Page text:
const countries = await getCountries();
const continents = await getContinents();
const planets = await getPlanets();
const solarSystems = await getSolarSystems();
const galaxies = await getGalaxies();

😳😲😳
// now this... looks awesome!!!

BUT…

This is awesome until error handling comes into play because you end up with the try-catch tower of terror!

All your beautiful one-liners magically expand to at least five lines of code…

// assuming the environment supports direct async function

try {
  const areas = await getAreas();
} catch (err) {
  // handleError(err)
}

try {
  const towns = await getTowns();
} catch (err) {
  // handleError(err)
}

try {
  const cities = await getCities();
} catch (err) {
  // handleError(err)
}

try {
  const countries = await getCountries();
} catch (err) {
  // handleError(err)
}

// ... and so on.

You can find yourself an easy way which is simply by appending the catch method to the end of each promise.

// assuming the environment supports direct async function
const areas = await getAreas().catch((err) => handleError(err));
const towns = await getTowns().catch((err) => handleError(err));
const cities = await getCities().catch((err) => handleError(err));
const countries = await getCountries().catch((err) => handleError(err));
const continents = await getContinents().catch((err) => handleError(err));
const planets = await getPlanets().catch((err) => handleError(err));
const solarSystems = await getSolarSystems().catch((err) => handleError(err));
const galaxies = await getGalaxies().catch((err) => handleError(err));

This looks better, but! This is still getting repetitive.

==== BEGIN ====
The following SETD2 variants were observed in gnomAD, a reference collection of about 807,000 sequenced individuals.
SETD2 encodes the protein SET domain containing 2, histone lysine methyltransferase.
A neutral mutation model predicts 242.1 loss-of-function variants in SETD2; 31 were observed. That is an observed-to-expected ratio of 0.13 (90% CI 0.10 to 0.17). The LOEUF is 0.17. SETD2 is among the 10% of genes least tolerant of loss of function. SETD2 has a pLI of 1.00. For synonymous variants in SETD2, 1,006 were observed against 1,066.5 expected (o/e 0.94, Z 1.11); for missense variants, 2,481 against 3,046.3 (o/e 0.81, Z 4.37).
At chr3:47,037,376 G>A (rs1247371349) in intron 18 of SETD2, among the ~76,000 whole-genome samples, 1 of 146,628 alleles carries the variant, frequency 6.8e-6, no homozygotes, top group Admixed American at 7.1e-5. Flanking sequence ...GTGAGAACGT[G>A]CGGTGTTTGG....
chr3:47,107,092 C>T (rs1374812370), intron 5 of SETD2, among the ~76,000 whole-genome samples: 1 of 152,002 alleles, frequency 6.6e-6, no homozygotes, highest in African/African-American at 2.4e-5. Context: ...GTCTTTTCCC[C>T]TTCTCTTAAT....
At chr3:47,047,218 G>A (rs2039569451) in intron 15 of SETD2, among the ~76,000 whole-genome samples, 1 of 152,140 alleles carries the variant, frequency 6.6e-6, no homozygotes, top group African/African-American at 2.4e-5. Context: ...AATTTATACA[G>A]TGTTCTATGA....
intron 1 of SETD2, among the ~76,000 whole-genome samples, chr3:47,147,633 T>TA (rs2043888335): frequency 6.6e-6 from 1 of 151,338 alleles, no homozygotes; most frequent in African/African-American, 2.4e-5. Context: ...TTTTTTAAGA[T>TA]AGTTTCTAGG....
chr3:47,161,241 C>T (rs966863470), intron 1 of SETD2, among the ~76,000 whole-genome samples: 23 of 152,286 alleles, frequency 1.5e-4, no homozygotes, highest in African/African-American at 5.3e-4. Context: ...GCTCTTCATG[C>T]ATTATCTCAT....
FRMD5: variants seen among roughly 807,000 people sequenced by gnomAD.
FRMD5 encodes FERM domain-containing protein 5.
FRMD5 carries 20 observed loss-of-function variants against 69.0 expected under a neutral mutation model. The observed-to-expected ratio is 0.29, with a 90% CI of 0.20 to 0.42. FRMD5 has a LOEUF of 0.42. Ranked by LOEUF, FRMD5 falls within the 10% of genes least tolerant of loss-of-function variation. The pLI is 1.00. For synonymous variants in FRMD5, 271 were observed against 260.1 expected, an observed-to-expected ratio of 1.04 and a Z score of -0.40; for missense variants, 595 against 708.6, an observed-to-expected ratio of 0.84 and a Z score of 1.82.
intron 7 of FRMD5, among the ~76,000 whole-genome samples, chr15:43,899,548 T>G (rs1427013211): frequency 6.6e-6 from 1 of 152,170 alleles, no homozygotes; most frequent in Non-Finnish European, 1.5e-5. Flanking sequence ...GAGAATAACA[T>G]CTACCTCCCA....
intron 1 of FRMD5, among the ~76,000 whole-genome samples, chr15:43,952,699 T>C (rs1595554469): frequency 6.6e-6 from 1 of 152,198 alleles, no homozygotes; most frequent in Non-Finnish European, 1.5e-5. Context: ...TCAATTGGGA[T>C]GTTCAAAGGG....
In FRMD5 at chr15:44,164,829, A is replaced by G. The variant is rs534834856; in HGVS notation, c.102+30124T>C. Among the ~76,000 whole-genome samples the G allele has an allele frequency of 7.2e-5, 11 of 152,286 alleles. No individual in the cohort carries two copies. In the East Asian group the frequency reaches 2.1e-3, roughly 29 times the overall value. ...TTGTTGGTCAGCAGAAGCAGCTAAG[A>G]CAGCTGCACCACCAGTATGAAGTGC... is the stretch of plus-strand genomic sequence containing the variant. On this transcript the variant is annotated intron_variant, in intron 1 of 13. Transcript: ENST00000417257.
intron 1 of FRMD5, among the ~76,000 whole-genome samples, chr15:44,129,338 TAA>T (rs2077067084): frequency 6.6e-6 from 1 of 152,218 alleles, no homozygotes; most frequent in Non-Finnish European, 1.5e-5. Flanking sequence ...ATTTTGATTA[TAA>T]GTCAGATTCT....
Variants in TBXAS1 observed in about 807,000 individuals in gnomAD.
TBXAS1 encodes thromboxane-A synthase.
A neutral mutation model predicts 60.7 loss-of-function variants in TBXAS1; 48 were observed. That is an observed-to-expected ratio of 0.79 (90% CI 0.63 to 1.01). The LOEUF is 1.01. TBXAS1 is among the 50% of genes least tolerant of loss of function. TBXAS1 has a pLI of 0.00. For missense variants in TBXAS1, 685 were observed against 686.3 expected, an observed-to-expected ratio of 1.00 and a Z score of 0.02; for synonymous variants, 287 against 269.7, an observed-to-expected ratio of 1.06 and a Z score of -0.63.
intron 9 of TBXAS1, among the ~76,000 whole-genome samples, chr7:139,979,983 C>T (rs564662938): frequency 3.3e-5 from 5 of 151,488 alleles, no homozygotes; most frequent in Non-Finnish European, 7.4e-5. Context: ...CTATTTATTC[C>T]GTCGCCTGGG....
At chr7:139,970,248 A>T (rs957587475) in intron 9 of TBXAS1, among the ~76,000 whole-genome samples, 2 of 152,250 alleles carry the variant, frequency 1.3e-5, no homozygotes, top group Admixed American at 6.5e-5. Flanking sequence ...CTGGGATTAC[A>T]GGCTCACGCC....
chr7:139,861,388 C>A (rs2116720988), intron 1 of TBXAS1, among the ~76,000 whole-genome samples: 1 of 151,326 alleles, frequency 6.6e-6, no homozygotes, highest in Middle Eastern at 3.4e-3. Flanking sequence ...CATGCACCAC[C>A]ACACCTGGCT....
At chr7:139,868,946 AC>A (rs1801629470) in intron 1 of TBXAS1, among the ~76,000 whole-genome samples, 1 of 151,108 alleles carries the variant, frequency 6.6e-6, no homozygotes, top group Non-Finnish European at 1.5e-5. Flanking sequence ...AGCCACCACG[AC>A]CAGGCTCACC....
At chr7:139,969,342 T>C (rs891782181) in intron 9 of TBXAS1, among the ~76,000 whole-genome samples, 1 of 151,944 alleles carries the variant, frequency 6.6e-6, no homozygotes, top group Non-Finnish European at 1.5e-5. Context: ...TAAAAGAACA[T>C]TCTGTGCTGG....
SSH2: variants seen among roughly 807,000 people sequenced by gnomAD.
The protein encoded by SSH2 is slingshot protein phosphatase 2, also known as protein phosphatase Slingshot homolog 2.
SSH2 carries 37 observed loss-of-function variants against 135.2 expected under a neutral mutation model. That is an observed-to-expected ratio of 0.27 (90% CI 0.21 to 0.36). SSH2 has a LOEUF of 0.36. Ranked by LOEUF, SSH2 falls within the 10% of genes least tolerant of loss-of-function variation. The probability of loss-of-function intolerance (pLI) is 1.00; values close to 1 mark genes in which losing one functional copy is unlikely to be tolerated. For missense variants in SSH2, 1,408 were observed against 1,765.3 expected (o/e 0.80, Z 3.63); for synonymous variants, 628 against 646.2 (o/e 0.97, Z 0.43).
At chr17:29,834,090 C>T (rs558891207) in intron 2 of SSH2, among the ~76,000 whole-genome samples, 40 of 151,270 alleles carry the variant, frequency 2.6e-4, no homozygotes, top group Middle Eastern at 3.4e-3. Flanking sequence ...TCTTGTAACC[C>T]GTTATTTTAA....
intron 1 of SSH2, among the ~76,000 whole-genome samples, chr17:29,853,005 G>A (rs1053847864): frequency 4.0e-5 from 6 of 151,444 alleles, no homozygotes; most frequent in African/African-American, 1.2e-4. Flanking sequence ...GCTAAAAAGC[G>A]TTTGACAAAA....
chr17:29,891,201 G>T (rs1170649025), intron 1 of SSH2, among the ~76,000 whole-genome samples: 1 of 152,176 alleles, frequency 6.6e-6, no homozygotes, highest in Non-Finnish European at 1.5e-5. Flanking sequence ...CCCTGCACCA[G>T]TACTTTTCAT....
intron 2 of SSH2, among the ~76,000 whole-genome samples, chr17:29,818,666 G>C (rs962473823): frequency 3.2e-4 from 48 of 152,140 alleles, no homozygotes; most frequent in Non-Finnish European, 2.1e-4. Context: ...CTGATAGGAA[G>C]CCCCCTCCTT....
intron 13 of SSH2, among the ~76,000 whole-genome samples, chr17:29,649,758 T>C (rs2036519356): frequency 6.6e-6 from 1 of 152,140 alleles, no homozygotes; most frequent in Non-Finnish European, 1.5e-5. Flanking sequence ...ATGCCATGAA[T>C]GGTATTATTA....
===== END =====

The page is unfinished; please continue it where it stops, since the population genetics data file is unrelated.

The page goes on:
Another better option is to create a standardized error handling function.

The function would first resolve the promise then returns an array.
In that array, the first element is the data and the second element is an error.

If there’s an error then the data is null and the error is defined, like this:

async function promiseResolver(promise) {
  try {
    const data = await promise();
    return [data, null];
  } catch (err) {
    return [null, err];
  }
}

Now when you call this function in your code you can destructure it to get a clean one-liner with error handling or use a regular if statement if you want to do something else with the error.

Your main function would look something like this:

// assuming the environment supports direct async function
const [areas, areasErr] = await promiseResolver(getAreas);
const [towns, townsErr] = await promiseResolver(getTowns);
const [cities, citiesErr] = await promiseResolver(getCities);

if (citiesErr) {
  // do something
}

const [countries, countriesErr] = await promiseResolver(getCountries);
const [continents, continentsErr] = await promiseResolver(getContinents);
const [planets, planetsErr] = await promiseResolver(getPlanets);
const [solarSystems, solarSystemsErr] = await promiseResolver(getSolarSystems);
const [galaxies, galaxiesErr] = await promiseResolver(getGalaxies);

if (galaxiesErr) {
  // do something
}

// ... and so on.

That’s all folks! Hope you found this helpful, see you in the next one 😉


Tags

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Muhammad Ovi

Muhammad Ovi

Sr. Software Engineer

Topics

JavaScript
NodeJS
Other